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Last Updated: Monday, 10 May, 2004, 15:58 GMT 16:58 UK
Snapshots - India's final voting day

Monday saw the final, and biggest, round of voting in India's marathon general election. Click on the links below for the news and colour from BBC correspondents across the length and breadth of the country.

DelhiPunjabKashmirMadyha PradeshWest BengalTamil NaduKeralaHimachal PradeshUttar PradeshHaryanaSikkimUttaranchal
Click on the map or the links below to read the reports.


Polling stations in the capital stocked bottles of iced water and rehydration tablets for voters affected by the high temperatures registered in Delhi today.

In several of the city's polling stations, only 40% of the electorate had cast their ballots by 1600 - an hour before the polls closed.

Checking a man's papers in Delhi
Security officials check a voter's identity in the capital
Among the first voters to cast his ballot this morning was President Abdul Kalam, at a special polling station at the presidential palace.

"I feel beautiful to exercise my right to vote," he said soon after.

The capital of India has seven parliamentary seats including the largest and tiniest constituencies in the country.

Affluent Delhi with its traders, white-collar workers, bureaucrats and expatriates is often described as the most politically-aware city in the country.

Prime Minister Vajpayee's BJP is a formidable force in Delhi and won all the parliamentary seats in 1999. But it has been facing a very strong challenge from the Congress which recently won re-election in state elections.

There are indications that the vote was split along social lines - wealthier areas are believed to have supported the BJP, while poorer sectors voted for the Congress Party.


"We don't see our leaders in a very long time, they never seem to come around. But we vote anyway because we hope it will change," Surinder Sharma, a shopkeeper in Chuni village, told me.

Polling station in Patiala district, Punjab

In the villages I visited in Ropar constituency, there were long lines of voters from early in the morning.

Entire families turned out to vote including colourful groups of women.

By 1500, turnout in the state was estimated at 40%.

India's breadbasket, this border state is what remains of undivided Punjab, the bulk of which is now in neighbouring Pakistan.

Sikhs are in a majority here but there is a major Hindu community as well.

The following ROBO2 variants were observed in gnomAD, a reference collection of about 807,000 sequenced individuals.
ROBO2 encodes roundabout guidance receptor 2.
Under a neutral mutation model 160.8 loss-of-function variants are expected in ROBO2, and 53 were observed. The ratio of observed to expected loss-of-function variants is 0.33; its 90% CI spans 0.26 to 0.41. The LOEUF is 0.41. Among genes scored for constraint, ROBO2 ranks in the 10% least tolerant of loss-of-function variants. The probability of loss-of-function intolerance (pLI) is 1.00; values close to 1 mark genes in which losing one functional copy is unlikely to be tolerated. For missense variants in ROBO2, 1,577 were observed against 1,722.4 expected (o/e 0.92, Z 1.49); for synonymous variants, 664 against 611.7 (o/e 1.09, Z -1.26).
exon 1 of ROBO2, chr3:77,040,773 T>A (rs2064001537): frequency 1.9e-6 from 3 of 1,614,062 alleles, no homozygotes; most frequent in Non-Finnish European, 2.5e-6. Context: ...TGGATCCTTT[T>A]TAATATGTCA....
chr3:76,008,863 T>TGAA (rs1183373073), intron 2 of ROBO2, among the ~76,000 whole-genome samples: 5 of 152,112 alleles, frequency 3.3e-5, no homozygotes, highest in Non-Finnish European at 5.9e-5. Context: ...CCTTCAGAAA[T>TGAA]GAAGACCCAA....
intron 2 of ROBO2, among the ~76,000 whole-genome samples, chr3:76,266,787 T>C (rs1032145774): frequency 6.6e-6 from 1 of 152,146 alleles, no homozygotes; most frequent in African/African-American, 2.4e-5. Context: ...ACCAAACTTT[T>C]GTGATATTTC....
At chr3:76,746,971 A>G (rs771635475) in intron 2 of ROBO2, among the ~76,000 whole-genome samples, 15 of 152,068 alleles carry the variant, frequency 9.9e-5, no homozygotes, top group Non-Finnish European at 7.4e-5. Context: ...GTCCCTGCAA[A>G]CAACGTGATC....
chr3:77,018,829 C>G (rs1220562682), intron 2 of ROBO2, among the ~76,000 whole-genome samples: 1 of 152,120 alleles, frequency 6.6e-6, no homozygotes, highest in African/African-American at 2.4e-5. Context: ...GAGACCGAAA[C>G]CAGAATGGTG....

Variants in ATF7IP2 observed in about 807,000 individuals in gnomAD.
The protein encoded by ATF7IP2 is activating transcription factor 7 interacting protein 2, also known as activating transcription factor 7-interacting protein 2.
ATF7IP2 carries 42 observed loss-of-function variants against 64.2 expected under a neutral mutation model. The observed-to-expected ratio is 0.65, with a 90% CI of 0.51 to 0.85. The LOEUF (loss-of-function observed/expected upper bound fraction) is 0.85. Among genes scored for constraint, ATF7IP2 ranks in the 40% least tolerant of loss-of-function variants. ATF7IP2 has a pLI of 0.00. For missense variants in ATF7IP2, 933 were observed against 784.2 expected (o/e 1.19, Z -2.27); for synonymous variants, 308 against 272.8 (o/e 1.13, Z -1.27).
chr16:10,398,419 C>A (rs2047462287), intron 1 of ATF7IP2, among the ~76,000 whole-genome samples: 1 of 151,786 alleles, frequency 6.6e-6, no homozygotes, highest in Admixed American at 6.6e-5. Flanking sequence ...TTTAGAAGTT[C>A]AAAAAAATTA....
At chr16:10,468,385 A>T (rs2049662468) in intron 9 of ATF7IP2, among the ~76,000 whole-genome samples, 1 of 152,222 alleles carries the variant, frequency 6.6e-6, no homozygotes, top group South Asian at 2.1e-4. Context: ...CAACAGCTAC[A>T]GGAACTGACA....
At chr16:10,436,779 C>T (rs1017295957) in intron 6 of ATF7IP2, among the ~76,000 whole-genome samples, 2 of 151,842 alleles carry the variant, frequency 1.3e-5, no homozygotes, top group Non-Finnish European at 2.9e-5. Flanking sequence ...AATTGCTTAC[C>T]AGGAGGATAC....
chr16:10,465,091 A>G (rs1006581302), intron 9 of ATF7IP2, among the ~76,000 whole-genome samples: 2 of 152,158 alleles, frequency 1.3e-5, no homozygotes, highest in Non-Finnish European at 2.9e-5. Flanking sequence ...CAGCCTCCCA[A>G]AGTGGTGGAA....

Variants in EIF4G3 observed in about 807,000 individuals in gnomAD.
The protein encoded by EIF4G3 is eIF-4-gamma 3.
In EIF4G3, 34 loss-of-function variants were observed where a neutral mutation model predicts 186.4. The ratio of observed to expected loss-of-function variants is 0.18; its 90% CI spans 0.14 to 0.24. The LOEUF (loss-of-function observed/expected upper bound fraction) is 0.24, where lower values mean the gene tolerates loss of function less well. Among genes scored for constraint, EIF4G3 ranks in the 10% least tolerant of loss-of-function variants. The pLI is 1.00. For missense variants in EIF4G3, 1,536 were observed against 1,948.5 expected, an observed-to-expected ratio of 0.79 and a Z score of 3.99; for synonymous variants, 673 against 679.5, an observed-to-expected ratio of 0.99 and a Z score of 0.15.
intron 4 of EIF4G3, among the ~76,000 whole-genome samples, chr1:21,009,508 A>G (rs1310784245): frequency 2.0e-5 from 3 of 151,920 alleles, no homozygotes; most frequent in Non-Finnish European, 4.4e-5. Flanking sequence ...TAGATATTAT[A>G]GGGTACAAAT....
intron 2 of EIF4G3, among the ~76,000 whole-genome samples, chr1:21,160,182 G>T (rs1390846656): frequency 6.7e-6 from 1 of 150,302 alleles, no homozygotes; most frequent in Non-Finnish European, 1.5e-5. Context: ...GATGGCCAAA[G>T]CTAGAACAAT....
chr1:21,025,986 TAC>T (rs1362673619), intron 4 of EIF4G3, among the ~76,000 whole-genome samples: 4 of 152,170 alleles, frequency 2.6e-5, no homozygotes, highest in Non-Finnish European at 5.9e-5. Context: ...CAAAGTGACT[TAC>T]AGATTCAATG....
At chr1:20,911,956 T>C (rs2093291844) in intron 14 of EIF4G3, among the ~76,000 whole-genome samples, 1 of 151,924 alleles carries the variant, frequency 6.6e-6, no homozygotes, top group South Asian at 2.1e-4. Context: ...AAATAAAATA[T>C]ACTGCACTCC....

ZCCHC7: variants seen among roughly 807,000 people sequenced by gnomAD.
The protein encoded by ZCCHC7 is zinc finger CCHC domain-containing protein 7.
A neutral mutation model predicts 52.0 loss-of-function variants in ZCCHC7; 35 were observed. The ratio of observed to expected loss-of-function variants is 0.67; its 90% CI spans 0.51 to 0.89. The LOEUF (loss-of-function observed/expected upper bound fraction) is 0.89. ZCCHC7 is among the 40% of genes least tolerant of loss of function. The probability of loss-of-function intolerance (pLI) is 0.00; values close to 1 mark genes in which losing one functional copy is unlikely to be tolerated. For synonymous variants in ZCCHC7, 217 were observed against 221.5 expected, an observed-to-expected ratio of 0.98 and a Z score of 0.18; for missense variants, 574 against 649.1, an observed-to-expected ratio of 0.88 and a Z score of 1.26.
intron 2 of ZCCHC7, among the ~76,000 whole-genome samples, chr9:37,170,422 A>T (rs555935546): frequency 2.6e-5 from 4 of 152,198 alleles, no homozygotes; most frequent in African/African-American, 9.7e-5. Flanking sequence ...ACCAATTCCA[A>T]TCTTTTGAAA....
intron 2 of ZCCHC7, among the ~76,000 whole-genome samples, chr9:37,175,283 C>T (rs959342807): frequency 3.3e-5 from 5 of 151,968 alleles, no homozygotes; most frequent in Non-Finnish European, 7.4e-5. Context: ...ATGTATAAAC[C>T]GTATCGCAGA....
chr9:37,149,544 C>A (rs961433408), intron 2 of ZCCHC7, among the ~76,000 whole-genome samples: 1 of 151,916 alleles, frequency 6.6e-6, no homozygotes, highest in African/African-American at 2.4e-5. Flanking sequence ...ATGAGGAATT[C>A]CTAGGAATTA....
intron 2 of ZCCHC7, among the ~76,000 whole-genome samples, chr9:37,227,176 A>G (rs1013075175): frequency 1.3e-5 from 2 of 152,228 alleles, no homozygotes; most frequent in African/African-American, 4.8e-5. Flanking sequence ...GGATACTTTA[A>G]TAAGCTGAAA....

The land of five rivers, Punjab's richly fertile soil means that the bulk of its population is engaged in farming although there is a thriving small and medium industry in pharmaceuticals, textiles, machine tools and sporting goods.

The Sikh Akali Dal party is the BJP's local partner and will look to unseat Congress which won the bulk of the state's 13 seats in 1999. High profile candidates include Bollywood star Vinod Khanna and former cricketer, Navjot Singh Sidhu, both fielded by the BJP.


Polling was generally peaceful, despite violence overnight in which 10 people were injured in grenade attacks in Udhampur and Doda.

Women voting in Doda, Kashmir
Many voters defied a separatist boycott

There was a clear distinction between polling in Hindu-dominated areas, where turnout appeared good, and in Muslim and militant-affected areas where fewer people came out to vote.

Some voters defied a boycott call from the separatists. In the village of Doda, large groups of women wearing black veils outnumbered male voters.

Maulvi Rashid Ahmed, in the village of Chandrakote, said he was not scared of voting: "I am only scared of God. It is my duty to vote."

Everywhere there has been heavy security - all roads being patrolled and the main markets shut.

Two of the six parliamentary seats of the Indian part of this disputed state vote in this final round, including Buddhist-dominated Ladakh, high-up in the Himalayas.

Ladakh constituency also includes Kargil, where Indian and Pakistani troops fought each other in 1999.

Ladakh has the highest polling station in India at Fastan at an altitude of 17,000 feet (5,181 metres).

Voting also took place in Udhampur, further south, in the Hindu-dominated part of the state.


In many areas of this city, what are seen as exorbitant electricity bills were the main talking point among voters.

"In this heat we cannot run the fans because we are scared of high bills," was a typical comment.